Anti-slavery rally erupts in US
JACKSON — Civil-rights leader Myrlie Evers-williams, Mississippi-born rapper David Banner and a prominent South Carolina lawmaker are calling on Mississippi to remove the Confederate battle emblem of the pro-slavery South during the US Civil War from its state flag.
About 400 people took part in a changethe-flag rally on Sunday outside the Mississippi Capitol. No alternative design was proposed.
Three men holding large flags with various Confederate emblems watched the rally from a distance across the Capitol lawn.
Critics say the Mississippi flag is a divisive reminder of slavery and segregation and doesn’t represent a state where 38 percent of the 2.9 million residents are black. Supporters say they see the Confederate emblem as a symbol of history and heritage.
The emblem — a blue X with 13 white stars, over a red field - has been on Mississippi’s flag since 1894, and voters chose to keep it in 2001. But the massacre of nine black worshippers in June at a church in Charleston, South Carolina, has renewed debate about the public display of Confederate symbols.
Police said the mass shooting in Charleston was racially motivated, and the suspect had previously posed for photos with the rebel flag.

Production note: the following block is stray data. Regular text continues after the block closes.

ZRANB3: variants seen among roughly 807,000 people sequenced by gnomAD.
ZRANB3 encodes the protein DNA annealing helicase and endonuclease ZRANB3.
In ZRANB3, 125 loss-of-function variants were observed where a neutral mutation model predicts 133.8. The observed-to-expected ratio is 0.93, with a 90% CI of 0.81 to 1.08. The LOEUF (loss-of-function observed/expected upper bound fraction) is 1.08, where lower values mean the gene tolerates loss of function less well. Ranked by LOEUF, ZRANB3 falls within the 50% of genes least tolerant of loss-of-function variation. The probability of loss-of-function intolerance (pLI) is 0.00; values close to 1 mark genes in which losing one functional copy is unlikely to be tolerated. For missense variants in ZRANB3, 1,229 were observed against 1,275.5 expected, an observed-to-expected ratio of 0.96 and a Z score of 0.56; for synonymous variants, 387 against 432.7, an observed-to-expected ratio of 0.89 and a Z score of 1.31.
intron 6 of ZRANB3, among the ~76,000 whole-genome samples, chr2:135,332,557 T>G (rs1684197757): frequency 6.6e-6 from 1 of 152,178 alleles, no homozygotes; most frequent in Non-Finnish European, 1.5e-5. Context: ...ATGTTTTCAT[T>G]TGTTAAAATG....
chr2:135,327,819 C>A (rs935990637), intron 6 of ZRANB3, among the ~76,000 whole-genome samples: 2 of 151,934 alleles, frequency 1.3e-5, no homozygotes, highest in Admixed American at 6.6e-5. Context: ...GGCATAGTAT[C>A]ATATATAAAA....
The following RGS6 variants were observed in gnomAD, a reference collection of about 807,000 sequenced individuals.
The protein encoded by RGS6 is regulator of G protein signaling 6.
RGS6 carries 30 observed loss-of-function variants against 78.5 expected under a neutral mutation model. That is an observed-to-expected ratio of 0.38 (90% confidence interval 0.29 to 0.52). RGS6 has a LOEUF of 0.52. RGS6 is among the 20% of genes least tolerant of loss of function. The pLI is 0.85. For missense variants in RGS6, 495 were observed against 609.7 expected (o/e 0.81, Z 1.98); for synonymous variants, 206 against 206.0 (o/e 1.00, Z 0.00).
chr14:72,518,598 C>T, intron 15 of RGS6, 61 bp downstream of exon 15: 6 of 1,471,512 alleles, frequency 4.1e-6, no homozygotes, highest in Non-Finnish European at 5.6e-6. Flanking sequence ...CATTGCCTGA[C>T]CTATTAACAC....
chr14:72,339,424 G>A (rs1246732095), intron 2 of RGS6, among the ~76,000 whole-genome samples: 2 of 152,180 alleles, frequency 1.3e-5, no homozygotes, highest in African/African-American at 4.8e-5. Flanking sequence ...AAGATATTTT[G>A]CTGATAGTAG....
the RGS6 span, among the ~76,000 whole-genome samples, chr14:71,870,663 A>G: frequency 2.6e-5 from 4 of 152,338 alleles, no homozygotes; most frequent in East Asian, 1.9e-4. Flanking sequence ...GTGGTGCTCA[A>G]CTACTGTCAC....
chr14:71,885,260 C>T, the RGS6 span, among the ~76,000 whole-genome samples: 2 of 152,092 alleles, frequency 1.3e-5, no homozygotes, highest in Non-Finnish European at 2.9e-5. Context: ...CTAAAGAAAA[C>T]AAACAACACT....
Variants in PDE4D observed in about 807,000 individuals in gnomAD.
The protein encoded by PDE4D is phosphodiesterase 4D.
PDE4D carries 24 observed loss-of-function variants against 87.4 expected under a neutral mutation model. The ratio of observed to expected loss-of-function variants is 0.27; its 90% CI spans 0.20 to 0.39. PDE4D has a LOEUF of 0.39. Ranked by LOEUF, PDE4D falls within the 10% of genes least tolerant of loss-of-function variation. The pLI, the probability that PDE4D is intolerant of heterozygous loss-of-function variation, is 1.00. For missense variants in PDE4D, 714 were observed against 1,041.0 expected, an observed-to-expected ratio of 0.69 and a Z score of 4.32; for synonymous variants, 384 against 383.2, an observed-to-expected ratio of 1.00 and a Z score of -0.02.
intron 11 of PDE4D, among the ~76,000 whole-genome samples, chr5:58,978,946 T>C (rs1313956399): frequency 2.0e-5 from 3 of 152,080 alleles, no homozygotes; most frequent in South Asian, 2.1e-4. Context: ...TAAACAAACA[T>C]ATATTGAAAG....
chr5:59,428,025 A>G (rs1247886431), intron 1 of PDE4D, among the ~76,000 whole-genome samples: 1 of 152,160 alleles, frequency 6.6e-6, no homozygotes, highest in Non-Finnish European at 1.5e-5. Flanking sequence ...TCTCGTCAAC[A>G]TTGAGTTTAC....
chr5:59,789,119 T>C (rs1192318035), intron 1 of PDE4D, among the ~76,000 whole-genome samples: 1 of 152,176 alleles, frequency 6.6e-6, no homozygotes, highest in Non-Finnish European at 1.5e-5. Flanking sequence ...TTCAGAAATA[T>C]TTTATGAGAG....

South Carolina state Rep. Jenny Horne said on Sunday that Mississippi is hurting its own economy by keeping the battle emblem on the state flag.
“It is a new South. The economic development opportunities that Mississippi is missing out on — you don’t even know it, but it’s costing all citizens jobs,” said Horne, who gave an impassioned speech in July as South Carolina lawmakers voted to remove a Confederate battle flag from the Statehouse grounds in Columbia.
Evers-williams was chairperson of the National Association for the Advancement of Coloured People from 1995 to 1998 and is the widow of Medgar Evers, the Mississippi NAACP leader who was assassinated outside their family’s Jackson home in 1963. At the rally on Sunday, she noted that Confederate General Robert E Lee had distanced himself from Confederate symbols after the South lost the Civil War.